These American Airlines executive contacts helped him get a voucher

Our company contacts lead to an American Airlines voucher

If there’s one part of this site that’s magic, it’s our executive contacts. Just ask Edward Jackson, who was en route on a mission trip from Baltimore to Rio Negro, Brazil, when we cast a spell that helped him recover an American Airlines voucher.

People have accused my advocacy team of being magicians. They’re not; they’re just very persistent and polite. They accuse me of having magical powers. I don’t; I’m just lucky. But our executive contacts? Pure magic.

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Consider what happened to Jackson, en route from Baltimore to Miami with a continuing flight to Manaus International Airport in northern Brazil.

“I was on a church mission trip up the Rio Negro to do construction work at a retreat center,” he explains.

But American Airlines delayed his flight to Miami by an hour. After Jackson landed, he sprinted to the next gate.

“No one cared”

“The plane was there,” he remembers. “But the gate was closed. They wouldn’t let me on the plane.”

Although Jackson was headed to Brazil to help, American Airlines wasn’t in a helping mood that day.

“No one cared,” he says. “I had to return home.”

Jackson just wanted something for his trip in vain. But he also wanted to warn people.

“I would like others to be informed of airline attitudes toward passengers,” he says.

Done.

This isn’t our first American Airlines “trip in vain” case. People kinda know about this, but the reminder is helpful.

Our American Airlines contacts to the rescue

American should have refunded Jackson’s unused ticket, at a minimum, but arguably the entire trip. Our fearless advocacy team helped him do that by hooking him up with our list of American’s customer service executives. American Airlines flew him back to Baltimore and offered a credit for the full price of his ticket, a resolution with which he’s happy.

I’ve always been a fan of fixing a problem in the moment, but Jackson’s issue wasn’t resolvable in real time. Instead, he returned home and then tried to fix the issue.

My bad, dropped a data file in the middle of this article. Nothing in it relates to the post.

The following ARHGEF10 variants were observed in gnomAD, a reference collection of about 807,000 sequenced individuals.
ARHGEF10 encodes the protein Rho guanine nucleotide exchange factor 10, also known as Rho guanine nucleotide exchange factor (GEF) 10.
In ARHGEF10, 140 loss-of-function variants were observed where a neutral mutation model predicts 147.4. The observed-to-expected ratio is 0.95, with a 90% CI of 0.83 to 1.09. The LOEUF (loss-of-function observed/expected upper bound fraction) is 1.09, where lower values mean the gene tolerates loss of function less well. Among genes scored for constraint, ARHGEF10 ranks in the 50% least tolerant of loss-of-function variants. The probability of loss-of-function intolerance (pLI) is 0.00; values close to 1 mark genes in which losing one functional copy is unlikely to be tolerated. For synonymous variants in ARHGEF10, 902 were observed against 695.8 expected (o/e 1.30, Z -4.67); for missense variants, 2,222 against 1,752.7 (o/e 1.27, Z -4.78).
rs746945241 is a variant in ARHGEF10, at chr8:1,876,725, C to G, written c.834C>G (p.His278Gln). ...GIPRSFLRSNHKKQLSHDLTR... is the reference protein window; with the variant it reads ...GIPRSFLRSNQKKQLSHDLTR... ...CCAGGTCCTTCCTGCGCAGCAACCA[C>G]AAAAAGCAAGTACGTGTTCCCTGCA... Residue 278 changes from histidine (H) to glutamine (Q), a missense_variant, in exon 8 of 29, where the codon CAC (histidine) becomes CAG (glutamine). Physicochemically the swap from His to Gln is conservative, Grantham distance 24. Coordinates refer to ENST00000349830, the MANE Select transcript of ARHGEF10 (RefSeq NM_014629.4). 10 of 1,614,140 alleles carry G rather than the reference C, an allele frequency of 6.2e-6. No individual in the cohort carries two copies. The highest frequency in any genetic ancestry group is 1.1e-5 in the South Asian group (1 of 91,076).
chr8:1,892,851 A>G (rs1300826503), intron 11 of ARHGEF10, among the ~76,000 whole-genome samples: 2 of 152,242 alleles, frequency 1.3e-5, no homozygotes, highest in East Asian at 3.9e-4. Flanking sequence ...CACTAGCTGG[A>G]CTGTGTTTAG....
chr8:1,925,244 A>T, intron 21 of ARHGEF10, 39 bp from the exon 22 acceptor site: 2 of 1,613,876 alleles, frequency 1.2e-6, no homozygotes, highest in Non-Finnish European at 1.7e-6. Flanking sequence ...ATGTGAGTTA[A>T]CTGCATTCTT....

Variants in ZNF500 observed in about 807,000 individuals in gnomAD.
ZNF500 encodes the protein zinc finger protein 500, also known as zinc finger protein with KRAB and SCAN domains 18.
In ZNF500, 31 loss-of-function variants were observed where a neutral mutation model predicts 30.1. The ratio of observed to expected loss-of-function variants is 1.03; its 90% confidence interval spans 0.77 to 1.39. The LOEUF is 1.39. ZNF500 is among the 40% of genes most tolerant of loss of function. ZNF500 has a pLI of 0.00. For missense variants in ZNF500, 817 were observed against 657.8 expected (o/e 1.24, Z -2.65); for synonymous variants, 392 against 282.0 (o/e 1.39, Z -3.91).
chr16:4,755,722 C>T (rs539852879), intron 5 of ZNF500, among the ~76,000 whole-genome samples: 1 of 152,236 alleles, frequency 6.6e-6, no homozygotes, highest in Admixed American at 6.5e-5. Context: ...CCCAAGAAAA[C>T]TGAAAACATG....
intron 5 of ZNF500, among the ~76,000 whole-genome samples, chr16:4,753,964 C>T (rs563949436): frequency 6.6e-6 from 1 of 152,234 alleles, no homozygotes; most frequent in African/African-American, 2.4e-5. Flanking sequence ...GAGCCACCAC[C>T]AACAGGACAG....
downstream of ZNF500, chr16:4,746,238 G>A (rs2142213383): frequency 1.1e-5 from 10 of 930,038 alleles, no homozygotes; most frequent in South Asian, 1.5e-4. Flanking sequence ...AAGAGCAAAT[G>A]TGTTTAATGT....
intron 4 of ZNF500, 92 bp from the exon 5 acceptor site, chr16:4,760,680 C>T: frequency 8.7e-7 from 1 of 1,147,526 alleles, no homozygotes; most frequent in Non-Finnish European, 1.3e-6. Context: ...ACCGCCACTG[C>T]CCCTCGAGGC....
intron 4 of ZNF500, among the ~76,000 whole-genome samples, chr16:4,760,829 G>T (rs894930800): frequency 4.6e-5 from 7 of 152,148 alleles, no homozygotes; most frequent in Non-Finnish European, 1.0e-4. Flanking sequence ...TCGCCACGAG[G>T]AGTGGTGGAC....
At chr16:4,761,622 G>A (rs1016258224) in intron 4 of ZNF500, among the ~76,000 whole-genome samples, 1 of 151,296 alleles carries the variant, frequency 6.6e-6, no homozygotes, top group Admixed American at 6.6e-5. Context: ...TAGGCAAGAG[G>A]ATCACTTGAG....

You know what would make me happy? If American had kept its schedule in the first place. I wonder if there’s some kind of spell for that? Or maybe, to get rid of the highly inconvenient hub-and-spoke system that doomed his trip. Got any incantations for that problem?

In the meantime, we have our executive contacts. They connect you directly with someone in charge who can fix things fast.

This magic isn’t free

But the magic comes at a price. Every month or so we receive angry cease-and-desist letters from companies whose executives’ names get published in our directory. I have to patiently explain to them that we have a little thing called the First Amendment that protects our right to publish this public information on our site.

The real question is: What will the executive contacts do for you? You might not know this, but we do more than travel contacts. We publish the names, numbers and email addresses of executives at most Fortune 500 companies. We have a total of 535 companies in the database, and the list grows every day.

What problems will these unsanctioned names solve in the future? I can only imagine.

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